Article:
Day 2 of MAD Food Camp: Big Names and Big Ideas

Ferran Adrià, Wylie Dufresne, and Fergus Henderson were among the speakers discussing 'Appetite'

René Redzepi's MAD Food Camp provides much food for thought in Copenhagen.

As several speakers noted, part of understanding appetite is understanding science. In studying the memory of meals, Dr. Paul Rozin examined the psychology of memorable meals, and his findings should make restaurants take notice. After surveying diners in America, Rozin asked "Why should we be serving dessert at the end of meals if it’s not our favorite dish?" (Sorry, pastry chefs.) The key to memorable meals is in the physical ordering and structure of meals. Foods that are novel, food order (a quick survey of Mad Food Camp participants found that majority liked appetizers the most), and communality all affect our experience with meals. But are chefs willing to incorporate those elements into planning meals? Are we missing a certain vocabulary about how we understand the meaning of food?

In challenging conceptions, the Nordic Food Lab’s Lars Williams and Mark Emil Hermansen presented the world of edible "inedibles" — namely insects. In a world where food security has become paramount concern of policy makers, environmentalists and governments, why aren’t we eating more "inedibles"? For Nordic Food Lab, that question is one of the reasons to go "wildvore." But the other major concern? Deliciousness. "Deliciousness is the driving force of edibility." Distributing a little bag filled with live ants, bee larvae, and a fish sauce of garum and grasshoppers, they said, "Everything is edible, just some things have consequences." Luckily for us (and any future diners at Noma), the ants, bee larvae, and grasshoppers happen to be delicious and can create unique flavor palates. So why aren’t we eating more ants, grubs, and grasshoppers? "Only prejudice can make it taste bad."

And speaking of prejudices, there are the chefs who just aren’t interested in science. To those who think that way, Wylie Dufrense has a message for you: "There are many people outside the kitchen with much more knowledge than chefs. We have to learn from them, too." For Dufrense, the appetite for knowledge came out of a curiosity to know how and why chefs cook. Going through the motions is not good enough: "Understanding the processes and having more knowledge about the ‘whys’ helps us to do our jobs better." But lest anyone think that Dufrense is just a scientist, he also emphasized the personal and creative aspect of chefs. How can that be expressed? With humor. But in the end? "Whoever knows the most wins… Let’s keep knowing. Let’s keep learning. Let’s keep cooking."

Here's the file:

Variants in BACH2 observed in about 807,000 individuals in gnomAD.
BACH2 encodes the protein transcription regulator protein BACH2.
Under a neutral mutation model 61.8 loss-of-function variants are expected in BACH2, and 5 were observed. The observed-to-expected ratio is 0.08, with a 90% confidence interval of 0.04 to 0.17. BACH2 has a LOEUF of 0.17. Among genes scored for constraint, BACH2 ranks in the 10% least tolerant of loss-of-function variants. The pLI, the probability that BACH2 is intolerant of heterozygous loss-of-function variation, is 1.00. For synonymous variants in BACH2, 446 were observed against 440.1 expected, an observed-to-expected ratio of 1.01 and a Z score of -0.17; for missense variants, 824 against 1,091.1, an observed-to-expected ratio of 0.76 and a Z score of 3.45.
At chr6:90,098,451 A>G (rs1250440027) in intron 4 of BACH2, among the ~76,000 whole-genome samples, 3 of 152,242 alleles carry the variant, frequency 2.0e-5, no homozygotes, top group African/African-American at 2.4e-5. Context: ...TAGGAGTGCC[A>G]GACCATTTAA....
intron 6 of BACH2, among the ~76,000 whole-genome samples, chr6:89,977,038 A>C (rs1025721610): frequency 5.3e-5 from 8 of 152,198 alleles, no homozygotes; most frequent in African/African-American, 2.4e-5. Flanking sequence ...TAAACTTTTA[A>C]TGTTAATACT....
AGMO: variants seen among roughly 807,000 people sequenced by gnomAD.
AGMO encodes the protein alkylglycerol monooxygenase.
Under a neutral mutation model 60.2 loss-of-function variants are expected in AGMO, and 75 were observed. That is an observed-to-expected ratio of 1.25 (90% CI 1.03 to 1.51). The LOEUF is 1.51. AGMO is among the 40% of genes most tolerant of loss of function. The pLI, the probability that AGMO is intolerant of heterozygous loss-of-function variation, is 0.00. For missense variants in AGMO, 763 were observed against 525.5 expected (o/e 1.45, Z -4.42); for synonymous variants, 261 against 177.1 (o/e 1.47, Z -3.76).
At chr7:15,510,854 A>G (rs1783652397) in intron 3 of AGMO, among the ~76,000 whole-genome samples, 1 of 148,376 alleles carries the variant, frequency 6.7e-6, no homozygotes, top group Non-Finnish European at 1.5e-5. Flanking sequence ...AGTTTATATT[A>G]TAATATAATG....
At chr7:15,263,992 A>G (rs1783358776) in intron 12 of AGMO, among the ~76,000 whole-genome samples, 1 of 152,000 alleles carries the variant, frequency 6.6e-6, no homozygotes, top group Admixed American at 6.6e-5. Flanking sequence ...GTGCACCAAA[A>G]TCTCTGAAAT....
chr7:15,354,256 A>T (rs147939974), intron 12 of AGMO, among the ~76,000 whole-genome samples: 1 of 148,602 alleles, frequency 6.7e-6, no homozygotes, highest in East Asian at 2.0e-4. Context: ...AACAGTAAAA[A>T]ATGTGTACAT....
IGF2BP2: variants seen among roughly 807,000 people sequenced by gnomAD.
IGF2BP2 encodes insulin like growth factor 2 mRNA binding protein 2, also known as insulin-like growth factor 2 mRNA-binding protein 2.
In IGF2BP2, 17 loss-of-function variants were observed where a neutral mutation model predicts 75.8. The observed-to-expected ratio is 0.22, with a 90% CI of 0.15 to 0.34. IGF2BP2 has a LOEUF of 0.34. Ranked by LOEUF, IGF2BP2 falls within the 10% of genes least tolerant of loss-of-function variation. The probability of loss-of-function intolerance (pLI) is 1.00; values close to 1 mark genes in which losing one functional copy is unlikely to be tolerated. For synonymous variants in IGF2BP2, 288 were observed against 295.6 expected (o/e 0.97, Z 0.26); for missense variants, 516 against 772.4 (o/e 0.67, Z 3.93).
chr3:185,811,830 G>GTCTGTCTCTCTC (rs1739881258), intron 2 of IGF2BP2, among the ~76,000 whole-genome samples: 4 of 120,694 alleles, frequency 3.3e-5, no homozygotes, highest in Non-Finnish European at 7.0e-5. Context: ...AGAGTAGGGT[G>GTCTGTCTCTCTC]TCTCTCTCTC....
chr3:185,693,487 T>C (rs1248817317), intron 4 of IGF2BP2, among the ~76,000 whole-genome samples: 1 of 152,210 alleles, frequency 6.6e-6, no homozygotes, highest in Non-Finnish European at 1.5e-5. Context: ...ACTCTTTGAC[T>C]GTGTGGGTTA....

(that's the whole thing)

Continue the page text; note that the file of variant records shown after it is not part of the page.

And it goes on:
But that humor bit? Leave it to St. John to provide it. Sitting down on two hay bales with a nice bottle of red, Fergus Henderson and Trevor Gulliver of St. John Bar and Restaurant in London had their own take on appetite. Henderson said it best: "I am a prisoner of appetite. I have a lunch habit." But in terms of where that appetite comes from? It’s from diners. That is where the force is. But in terms of a restaurateur? Trevor tells it like it is: "A good restaurant will take five or six years. You have to have an appetite to hang on while you build that." To wit, Fergus suggested that "chefs have to be Jedi knights, or rather, Jedi chefs." But most importantly, the message was one of humility — and a good bon mot.

Fergus Henderson and Trevor Gulliver have a nice picnic at MAD Food Camp. Photo: Evelyn J. Kim

In what was probably the most anticipated talk of the entire symposium, Ferran Adrià took the stage. Considering the circumstances, it was a miracle that he appeared at all: "For 18 months," he said, "I swore I would never go to another chef symposium. I swear. But I came. And I want to explain why." In what may seem as a surprise to many, Adrià explained from 1994 to 2008, elBulli never made any money. But it was never the point: "I got into cooking because I like the challenge of creativity, to forge new paths. I never searched for success, but for happiness." Creating that happiness takes a lot of work. In probably the only statistical demonstration using grapes, Adrià pointed to the miniscule population interested in avant-garde cuisine-in a grape seed. "What’s a grape seed? It’s nothing! But if you put it in the ground, it grows." But that growth is one that takes hard work, dedication, and creativity. And creativity does not come automatically. It’s a capricious beast: "If you want to play at the Noma/elBulli level, know that creativity has no compassion, no matter how passionate the chef." But ultimately it is not just one chef that makes a great restaurant. For Adrià, "elBulli is not made by Ferran Adrià. elBulli is bigger than any of us." And in what could only be a tribute to the 2,000 stagiares and staff members who passed through the restaurant over the years, Adrià reminded all of us what it’s all about: "The human side of this symposium is always with human values — ethics, honesty, happiness, and justice — and you." If Ferran Adrià and elBulli are any indication of the manifestation of those ideas, the world is going to be a better — and happier — place.